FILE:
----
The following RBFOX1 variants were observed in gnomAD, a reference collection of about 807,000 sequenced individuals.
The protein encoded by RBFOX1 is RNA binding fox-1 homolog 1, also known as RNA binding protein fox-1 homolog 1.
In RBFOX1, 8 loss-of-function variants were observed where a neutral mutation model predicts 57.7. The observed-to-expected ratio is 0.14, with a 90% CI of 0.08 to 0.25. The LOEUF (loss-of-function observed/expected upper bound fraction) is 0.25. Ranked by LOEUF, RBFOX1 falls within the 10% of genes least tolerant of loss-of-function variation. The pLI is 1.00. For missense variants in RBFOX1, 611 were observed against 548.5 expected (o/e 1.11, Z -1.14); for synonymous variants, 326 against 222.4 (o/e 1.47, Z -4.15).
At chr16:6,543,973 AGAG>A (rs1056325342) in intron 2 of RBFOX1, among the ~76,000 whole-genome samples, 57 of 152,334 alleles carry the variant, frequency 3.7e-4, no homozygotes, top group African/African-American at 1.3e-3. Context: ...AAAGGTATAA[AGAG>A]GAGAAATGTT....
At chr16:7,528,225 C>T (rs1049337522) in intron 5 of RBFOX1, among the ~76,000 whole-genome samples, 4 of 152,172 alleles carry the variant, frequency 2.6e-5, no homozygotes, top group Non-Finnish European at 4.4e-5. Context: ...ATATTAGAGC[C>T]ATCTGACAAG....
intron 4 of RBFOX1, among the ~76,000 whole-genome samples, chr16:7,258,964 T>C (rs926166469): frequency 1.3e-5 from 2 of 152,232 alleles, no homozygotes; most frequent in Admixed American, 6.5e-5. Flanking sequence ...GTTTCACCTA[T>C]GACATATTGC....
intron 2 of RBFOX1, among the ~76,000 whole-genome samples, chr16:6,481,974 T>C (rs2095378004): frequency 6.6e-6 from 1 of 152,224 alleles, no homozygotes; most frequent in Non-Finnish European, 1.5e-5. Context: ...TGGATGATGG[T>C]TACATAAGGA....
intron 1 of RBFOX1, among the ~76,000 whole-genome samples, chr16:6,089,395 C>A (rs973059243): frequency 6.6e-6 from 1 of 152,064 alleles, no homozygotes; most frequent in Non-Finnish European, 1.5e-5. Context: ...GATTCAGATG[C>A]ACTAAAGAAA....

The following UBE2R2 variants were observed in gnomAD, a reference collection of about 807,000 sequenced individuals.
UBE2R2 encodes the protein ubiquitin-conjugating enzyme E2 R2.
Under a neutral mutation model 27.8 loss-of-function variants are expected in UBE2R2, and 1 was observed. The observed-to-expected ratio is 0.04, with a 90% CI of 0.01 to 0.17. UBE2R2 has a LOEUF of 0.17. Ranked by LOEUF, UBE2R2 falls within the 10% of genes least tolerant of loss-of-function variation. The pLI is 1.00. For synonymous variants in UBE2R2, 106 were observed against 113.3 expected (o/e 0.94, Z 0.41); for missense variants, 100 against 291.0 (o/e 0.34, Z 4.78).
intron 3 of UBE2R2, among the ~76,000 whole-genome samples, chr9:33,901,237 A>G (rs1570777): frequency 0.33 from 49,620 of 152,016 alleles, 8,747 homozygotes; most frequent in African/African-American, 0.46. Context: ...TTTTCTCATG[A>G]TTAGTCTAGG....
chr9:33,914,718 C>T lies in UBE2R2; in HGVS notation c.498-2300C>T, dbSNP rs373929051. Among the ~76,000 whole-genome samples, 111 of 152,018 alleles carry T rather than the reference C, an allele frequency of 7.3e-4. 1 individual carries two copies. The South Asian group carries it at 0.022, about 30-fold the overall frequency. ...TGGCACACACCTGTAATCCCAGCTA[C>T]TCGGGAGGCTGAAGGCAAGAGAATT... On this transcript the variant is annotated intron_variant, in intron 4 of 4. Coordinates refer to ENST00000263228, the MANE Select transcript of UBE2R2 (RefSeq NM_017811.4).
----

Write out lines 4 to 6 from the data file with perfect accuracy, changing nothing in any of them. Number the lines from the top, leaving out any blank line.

At chr16:6,543,973 AGAG>A (rs1056325342) in intron 2 of RBFOX1, among the ~76,000 whole-genome samples, 57 of 152,334 alleles carry the variant, frequency 3.7e-4, no homozygotes, top group African/African-American at 1.3e-3. Context: ...AAAGGTATAA[AGAG>A]GAGAAATGTT....
At chr16:7,528,225 C>T (rs1049337522) in intron 5 of RBFOX1, among the ~76,000 whole-genome samples, 4 of 152,172 alleles carry the variant, frequency 2.6e-5, no homozygotes, top group Non-Finnish European at 4.4e-5. Context: ...ATATTAGAGC[C>T]ATCTGACAAG....
intron 4 of RBFOX1, among the ~76,000 whole-genome samples, chr16:7,258,964 T>C (rs926166469): frequency 1.3e-5 from 2 of 152,232 alleles, no homozygotes; most frequent in Admixed American, 6.5e-5. Flanking sequence ...GTTTCACCTA[T>C]GACATATTGC....